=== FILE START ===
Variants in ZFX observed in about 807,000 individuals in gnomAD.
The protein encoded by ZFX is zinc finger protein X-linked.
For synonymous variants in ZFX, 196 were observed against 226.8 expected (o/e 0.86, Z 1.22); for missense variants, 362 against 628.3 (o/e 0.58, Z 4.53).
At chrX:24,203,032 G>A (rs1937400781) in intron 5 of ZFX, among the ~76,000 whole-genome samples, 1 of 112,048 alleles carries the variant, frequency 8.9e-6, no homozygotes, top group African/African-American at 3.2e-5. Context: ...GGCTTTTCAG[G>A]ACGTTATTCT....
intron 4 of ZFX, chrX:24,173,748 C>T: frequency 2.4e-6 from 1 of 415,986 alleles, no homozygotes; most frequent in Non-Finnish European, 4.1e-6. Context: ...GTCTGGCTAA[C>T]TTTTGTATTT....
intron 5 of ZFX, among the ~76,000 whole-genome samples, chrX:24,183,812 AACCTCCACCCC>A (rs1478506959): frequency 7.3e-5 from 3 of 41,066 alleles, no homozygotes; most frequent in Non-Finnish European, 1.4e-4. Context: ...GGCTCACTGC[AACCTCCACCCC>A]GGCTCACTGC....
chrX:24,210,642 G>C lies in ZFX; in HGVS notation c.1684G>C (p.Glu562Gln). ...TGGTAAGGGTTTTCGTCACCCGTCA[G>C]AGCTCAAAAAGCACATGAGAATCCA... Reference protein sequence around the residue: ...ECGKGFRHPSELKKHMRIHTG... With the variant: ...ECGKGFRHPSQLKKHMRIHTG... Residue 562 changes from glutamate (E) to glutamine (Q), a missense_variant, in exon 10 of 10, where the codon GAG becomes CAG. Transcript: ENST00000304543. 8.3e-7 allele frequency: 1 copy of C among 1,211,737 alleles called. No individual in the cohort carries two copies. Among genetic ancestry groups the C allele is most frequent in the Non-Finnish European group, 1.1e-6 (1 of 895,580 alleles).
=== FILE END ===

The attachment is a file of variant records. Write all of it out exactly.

Variants in ZFX observed in about 807,000 individuals in gnomAD.
The protein encoded by ZFX is zinc finger protein X-linked.
For synonymous variants in ZFX, 196 were observed against 226.8 expected (o/e 0.86, Z 1.22); for missense variants, 362 against 628.3 (o/e 0.58, Z 4.53).
At chrX:24,203,032 G>A (rs1937400781) in intron 5 of ZFX, among the ~76,000 whole-genome samples, 1 of 112,048 alleles carries the variant, frequency 8.9e-6, no homozygotes, top group African/African-American at 3.2e-5. Context: ...GGCTTTTCAG[G>A]ACGTTATTCT....
intron 4 of ZFX, chrX:24,173,748 C>T: frequency 2.4e-6 from 1 of 415,986 alleles, no homozygotes; most frequent in Non-Finnish European, 4.1e-6. Context: ...GTCTGGCTAA[C>T]TTTTGTATTT....
intron 5 of ZFX, among the ~76,000 whole-genome samples, chrX:24,183,812 AACCTCCACCCC>A (rs1478506959): frequency 7.3e-5 from 3 of 41,066 alleles, no homozygotes; most frequent in Non-Finnish European, 1.4e-4. Context: ...GGCTCACTGC[AACCTCCACCCC>A]GGCTCACTGC....
chrX:24,210,642 G>C lies in ZFX; in HGVS notation c.1684G>C (p.Glu562Gln). ...TGGTAAGGGTTTTCGTCACCCGTCA[G>C]AGCTCAAAAAGCACATGAGAATCCA... Reference protein sequence around the residue: ...ECGKGFRHPSELKKHMRIHTG... With the variant: ...ECGKGFRHPSQLKKHMRIHTG... Residue 562 changes from glutamate (E) to glutamine (Q), a missense_variant, in exon 10 of 10, where the codon GAG becomes CAG. Transcript: ENST00000304543. 8.3e-7 allele frequency: 1 copy of C among 1,211,737 alleles called. No individual in the cohort carries two copies. Among genetic ancestry groups the C allele is most frequent in the Non-Finnish European group, 1.1e-6 (1 of 895,580 alleles).